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Norwegian first names-norske fornavn Posted by on Oct 26, 2010 in Culture, Language

Now that you have learned about norske etternavn, it only makes sense to learn about norske fornavn.  There are many different origins of norske fornavn, such as biblical, historical, mythological, descriptive, or place-related.  Nearly every navn has a meaning which can be understood in most cases by simply picking up an ordbok (dictionary) or a bibel (Bible).  Prior to kristendom (Christianity) in Norway, navn typically derived from mythology, place, or from a plante (plant), dyr (animal), or farge (color), to name a few.  Norske kristne (Christian) navn look similar to kristne navn from other kristne land (countries), but of course are pronounced with norske lyder (sounds).

From the time kristendom up until the mid-19th century, priests encouraged the use of ´non-heathen´ navn, that is to say kristne navn.  During the nationalist movement in Norway after the crumbling of the union with Denmark, there was a revival of the old, pre-kristne navn in Norway.  Today, the use of kristne and non-kristne navn continues.

Many norske navn are present in both the male and female forms.  Male names often begin with a prefix such as Berg, Bjørn, Dag, Gaut, Geir, Gud, Halv, Har, Hjalm, Ing, Magn, Ragn, Stein, Svein, or Tor and often end in a suffix such as ar, bjørn, brand, dan, kjell, leif, tor, ulf, vard, or vor.  Similarly, female navn might begin with a prefix such as Aud, Bjørg, Frid, Gunn, Hild, Møy, Sne, Sol, Svan, Unn or Yn and end in a suffix such as borg, bjorg, frid, gerd, gunn, hild, run, siv, unn, or vild. All of these prefixes and suffixes are found in abundance in Norway today.  It is also common for parents to combine their navn or use one of their navn to name a child.  For example if the father´s navn is Bjørnar and the mother´s Hilde, the (female) child´s name might be Bjørnhild.  As in most cultures, many parents name their children after other family members.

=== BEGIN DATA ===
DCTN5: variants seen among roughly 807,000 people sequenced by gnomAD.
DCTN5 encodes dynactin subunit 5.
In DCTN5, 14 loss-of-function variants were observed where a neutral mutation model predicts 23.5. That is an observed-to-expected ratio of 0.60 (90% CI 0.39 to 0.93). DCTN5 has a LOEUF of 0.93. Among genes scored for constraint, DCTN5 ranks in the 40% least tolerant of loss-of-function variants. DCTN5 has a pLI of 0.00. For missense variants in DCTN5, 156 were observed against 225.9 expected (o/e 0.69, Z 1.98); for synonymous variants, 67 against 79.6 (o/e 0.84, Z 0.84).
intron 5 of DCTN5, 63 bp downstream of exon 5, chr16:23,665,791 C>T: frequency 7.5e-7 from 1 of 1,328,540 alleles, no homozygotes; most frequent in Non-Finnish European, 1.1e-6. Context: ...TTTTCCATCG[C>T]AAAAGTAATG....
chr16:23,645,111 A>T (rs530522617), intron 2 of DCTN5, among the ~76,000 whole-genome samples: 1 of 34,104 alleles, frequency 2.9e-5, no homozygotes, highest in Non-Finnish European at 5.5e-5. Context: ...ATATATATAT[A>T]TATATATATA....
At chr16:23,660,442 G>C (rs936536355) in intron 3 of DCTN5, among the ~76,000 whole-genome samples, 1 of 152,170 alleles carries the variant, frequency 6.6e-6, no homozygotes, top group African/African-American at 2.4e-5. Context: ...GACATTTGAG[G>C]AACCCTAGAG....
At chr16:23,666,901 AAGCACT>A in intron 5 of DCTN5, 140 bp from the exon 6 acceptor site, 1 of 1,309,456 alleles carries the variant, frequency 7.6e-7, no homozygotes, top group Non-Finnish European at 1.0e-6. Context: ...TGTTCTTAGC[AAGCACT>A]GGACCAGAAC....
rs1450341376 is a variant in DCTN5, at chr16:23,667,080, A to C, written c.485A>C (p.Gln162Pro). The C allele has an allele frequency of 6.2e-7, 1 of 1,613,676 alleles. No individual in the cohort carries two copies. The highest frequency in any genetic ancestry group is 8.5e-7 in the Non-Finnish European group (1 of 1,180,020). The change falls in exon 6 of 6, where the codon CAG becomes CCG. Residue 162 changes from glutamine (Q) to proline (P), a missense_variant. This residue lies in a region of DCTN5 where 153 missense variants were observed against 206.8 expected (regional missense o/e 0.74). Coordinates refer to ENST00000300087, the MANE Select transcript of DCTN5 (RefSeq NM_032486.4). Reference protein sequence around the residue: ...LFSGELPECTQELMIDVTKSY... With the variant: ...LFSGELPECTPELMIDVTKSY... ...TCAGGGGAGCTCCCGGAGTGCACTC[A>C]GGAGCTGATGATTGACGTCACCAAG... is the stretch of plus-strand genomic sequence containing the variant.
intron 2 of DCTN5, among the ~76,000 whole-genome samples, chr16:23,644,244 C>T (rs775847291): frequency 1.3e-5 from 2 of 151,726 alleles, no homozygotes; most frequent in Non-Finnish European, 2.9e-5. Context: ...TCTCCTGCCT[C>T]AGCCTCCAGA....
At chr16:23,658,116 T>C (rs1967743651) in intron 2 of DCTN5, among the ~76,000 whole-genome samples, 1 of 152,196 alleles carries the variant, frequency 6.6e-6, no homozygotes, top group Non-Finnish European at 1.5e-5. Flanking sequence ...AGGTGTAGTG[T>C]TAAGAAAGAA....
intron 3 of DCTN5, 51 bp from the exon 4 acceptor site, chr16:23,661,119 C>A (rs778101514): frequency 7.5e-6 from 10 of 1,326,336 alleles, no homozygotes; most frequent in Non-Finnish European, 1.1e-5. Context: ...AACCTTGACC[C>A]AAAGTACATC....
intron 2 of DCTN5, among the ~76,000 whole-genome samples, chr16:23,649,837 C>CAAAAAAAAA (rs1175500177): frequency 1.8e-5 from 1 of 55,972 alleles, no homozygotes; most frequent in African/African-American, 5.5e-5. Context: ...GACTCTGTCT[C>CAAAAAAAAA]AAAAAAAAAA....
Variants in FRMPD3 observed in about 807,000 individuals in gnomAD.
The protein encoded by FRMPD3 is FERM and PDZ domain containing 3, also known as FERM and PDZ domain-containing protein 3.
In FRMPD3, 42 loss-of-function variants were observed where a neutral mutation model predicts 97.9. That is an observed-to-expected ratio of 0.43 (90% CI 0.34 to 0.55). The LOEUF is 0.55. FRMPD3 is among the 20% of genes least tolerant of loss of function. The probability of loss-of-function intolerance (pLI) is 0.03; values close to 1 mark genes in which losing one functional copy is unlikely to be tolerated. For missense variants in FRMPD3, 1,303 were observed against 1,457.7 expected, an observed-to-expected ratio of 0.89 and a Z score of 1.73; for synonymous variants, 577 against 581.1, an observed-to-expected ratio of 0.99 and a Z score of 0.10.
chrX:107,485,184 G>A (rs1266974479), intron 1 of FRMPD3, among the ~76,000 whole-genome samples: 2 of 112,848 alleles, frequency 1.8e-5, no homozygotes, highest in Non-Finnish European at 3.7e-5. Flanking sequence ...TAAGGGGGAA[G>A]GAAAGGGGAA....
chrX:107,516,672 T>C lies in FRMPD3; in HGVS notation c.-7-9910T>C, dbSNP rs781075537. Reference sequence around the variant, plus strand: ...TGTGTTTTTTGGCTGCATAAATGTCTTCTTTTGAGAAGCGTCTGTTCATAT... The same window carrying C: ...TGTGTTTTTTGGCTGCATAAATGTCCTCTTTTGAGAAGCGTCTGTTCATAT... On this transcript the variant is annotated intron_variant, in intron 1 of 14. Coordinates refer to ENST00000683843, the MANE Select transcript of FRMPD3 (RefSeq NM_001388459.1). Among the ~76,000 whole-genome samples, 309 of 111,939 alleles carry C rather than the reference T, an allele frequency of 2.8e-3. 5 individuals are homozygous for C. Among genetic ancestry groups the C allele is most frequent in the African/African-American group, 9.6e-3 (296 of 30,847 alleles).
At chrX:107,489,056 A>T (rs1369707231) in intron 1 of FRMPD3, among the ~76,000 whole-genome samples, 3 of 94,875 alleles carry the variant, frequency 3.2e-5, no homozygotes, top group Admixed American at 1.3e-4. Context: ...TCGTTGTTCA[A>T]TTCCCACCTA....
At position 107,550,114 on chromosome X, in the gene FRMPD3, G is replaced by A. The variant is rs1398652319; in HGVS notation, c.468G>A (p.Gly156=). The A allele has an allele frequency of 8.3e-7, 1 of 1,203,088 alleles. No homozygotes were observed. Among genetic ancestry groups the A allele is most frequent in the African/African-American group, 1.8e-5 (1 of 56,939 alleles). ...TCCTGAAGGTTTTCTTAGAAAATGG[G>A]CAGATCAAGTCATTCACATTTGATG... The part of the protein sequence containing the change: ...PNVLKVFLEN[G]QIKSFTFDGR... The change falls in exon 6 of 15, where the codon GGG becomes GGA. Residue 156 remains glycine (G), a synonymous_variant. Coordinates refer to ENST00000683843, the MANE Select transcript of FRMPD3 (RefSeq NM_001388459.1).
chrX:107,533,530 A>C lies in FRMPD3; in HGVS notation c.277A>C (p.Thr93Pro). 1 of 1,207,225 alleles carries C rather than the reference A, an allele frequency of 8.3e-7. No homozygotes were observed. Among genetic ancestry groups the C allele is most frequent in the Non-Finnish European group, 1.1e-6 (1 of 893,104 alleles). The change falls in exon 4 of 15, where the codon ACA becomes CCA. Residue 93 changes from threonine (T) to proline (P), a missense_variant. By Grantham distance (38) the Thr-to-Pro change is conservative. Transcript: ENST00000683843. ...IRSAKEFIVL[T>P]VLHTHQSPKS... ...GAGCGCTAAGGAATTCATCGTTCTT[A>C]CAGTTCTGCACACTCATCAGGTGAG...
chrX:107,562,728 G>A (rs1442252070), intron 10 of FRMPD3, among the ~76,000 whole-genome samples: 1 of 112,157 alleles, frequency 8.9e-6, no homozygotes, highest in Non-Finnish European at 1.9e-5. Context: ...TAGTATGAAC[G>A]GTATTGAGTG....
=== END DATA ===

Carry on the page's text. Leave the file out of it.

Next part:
Simple spelling differences indicate whether a navn is male or female, such as an ´a´or ´e´at the end.  For example, Helge is a male navn and Helga is a female navn.  Johanne or Johannes are male navn, while Johanna is a female navn.

Another thing to remember about norske navn is that many names look very similar to English names, except a ´C´becomes ´K´på norsk and a ´ph´becomes ´f´.  For example, Christian would be Kristian and Christopher would be Kristoffer.

Here is a fact about norske navn that may surprise you-since the 1800s, there has been a norsk lov (law) that regulates the naming of children to protect them from ´strange´or inappropriate navn.  I just came across an article on BBC.com about a Norwegian woman who was jailed because she wouldn´t pay the fine for naming her child Gesher-the Hebrew word for bridge.  She was fined 1530 Norwegian crowns (about 200 USD) because the name was deemed inappropriate by the Norwegian government.  The name was not registered.  Crazy, huh?

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About the Author: kari

I attended St. Olaf College in Northfield, MN, where I majored in Norwegian and History. During college, I spent almost a year living in Oslo, Norway, where I attended the University of Oslo and completed an internship at the United States Embassy. I have worked for Concordia Language Villages as a pre-K Norwegian teacher and have taught an adult Norwegian language class. Right now, I keep up by writing this Norwegian blog for Transparent Language. Please read and share your thoughts! I will be continuing this blog from my future residence in the Norwegian arctic!


Comments:

  1. Louis Janus:

    Readers who are interested in Norwegian names might enjoy viewing / listening to the top 100 names on the CARLA website:

    http://www.carla.umn.edu/lctl/VAVA/audio/norwegian/female-names.html
    and
    http://www.carla.umn.edu/lctl/VAVA/audio/norwegian/male-names.html

    MVH Louis